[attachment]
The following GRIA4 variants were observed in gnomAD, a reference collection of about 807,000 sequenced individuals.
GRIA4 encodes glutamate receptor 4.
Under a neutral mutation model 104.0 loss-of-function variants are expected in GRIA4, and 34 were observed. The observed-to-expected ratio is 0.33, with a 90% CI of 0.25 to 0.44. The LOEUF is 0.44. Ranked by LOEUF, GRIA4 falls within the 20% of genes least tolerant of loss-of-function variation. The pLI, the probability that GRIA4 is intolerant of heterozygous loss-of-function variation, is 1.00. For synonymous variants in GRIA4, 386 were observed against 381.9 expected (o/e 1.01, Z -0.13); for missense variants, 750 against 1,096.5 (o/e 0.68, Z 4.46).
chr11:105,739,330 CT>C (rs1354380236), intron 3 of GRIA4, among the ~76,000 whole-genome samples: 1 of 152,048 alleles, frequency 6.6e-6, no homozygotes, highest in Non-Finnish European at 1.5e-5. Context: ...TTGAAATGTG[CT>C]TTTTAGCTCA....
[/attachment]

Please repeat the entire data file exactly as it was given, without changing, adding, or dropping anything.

The following GRIA4 variants were observed in gnomAD, a reference collection of about 807,000 sequenced individuals.
GRIA4 encodes glutamate receptor 4.
Under a neutral mutation model 104.0 loss-of-function variants are expected in GRIA4, and 34 were observed. The observed-to-expected ratio is 0.33, with a 90% CI of 0.25 to 0.44. The LOEUF is 0.44. Ranked by LOEUF, GRIA4 falls within the 20% of genes least tolerant of loss-of-function variation. The pLI, the probability that GRIA4 is intolerant of heterozygous loss-of-function variation, is 1.00. For synonymous variants in GRIA4, 386 were observed against 381.9 expected (o/e 1.01, Z -0.13); for missense variants, 750 against 1,096.5 (o/e 0.68, Z 4.46).
chr11:105,739,330 CT>C (rs1354380236), intron 3 of GRIA4, among the ~76,000 whole-genome samples: 1 of 152,048 alleles, frequency 6.6e-6, no homozygotes, highest in Non-Finnish European at 1.5e-5. Context: ...TTGAAATGTG[CT>C]TTTTAGCTCA....